PJM issued its annual summer assessment (PDF), which found that PJM will be able meet the hot weather demands the season brings. For this summer, PJM expects to serve about 155,279 megawatts at its peak (for reference, one megawatt is enough to power between 800 and 1,000 homes).
The assessment says that while summer weather conditions can test the grid, PJM should be able to meet the expected peak, with 177,650 MW of installed generating capacity to use. The extra available electricity is called a reserve, which is needed in case an extended heat wave puts an added demand on the grid or if another supply resource goes out of service unexpectedly. PJM must have a certain percentage of reserve available, called a margin, to meet federal reliability standards.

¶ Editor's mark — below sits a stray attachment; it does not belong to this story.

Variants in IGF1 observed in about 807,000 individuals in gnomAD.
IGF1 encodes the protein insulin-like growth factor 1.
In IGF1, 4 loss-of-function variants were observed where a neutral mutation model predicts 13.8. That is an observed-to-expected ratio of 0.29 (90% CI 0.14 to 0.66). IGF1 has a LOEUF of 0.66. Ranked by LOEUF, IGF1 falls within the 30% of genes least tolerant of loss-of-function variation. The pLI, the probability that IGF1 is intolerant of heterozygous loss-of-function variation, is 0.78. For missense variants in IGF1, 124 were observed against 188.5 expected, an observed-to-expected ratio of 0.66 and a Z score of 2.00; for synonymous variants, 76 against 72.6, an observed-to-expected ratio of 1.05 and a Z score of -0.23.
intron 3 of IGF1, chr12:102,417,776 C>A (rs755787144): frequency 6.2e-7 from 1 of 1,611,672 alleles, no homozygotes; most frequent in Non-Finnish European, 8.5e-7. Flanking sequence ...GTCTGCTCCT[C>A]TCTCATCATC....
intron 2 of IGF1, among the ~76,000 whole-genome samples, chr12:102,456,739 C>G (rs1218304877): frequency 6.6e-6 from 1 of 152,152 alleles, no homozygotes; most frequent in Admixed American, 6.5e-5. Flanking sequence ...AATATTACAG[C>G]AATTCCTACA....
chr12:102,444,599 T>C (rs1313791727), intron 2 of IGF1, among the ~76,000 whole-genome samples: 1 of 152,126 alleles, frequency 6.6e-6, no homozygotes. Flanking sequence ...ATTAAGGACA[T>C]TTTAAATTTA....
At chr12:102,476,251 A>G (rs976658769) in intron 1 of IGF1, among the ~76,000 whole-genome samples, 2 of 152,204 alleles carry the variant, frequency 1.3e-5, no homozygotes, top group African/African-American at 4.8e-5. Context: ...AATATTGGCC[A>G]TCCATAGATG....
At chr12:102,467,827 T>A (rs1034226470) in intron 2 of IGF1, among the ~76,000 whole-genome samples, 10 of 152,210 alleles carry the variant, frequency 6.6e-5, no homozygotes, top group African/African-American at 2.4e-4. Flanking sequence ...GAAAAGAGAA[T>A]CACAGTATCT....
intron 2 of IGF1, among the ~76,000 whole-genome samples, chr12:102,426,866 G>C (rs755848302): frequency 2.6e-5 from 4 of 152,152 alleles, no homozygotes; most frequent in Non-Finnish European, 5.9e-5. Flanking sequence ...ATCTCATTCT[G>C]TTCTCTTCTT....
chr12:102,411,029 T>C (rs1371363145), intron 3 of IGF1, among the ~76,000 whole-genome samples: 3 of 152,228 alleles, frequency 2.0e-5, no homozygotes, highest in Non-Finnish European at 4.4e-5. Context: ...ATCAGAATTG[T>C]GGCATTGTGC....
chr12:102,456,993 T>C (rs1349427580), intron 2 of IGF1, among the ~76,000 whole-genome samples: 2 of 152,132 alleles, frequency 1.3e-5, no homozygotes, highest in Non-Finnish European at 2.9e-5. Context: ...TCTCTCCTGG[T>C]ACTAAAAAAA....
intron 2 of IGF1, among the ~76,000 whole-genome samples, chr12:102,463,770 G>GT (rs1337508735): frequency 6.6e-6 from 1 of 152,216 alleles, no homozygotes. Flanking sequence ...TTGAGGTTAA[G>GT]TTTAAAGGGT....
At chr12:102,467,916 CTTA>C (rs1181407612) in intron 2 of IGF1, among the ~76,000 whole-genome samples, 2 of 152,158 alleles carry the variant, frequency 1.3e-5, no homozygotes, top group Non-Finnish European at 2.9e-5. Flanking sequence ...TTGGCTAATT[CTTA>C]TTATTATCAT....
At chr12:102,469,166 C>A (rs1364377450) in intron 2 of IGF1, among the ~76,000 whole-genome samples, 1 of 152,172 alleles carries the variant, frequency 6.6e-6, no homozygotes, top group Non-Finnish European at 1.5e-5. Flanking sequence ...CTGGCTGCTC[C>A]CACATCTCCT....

PJM expects to have about 8,500 MW of demand response and energy efficiency resources available. Demand response is a program where customers commit to reducing or interrupting their power use in the event of a system emergency.
Additionally, the recently-completed Susquehanna-Roseland transmission line that runs between Pennsylvania and New Jersey also should relieve some congestion on the grid this summer.
If you’re wondering, the highest peak use of power PJM ever served was 165,492 MW in July 2011.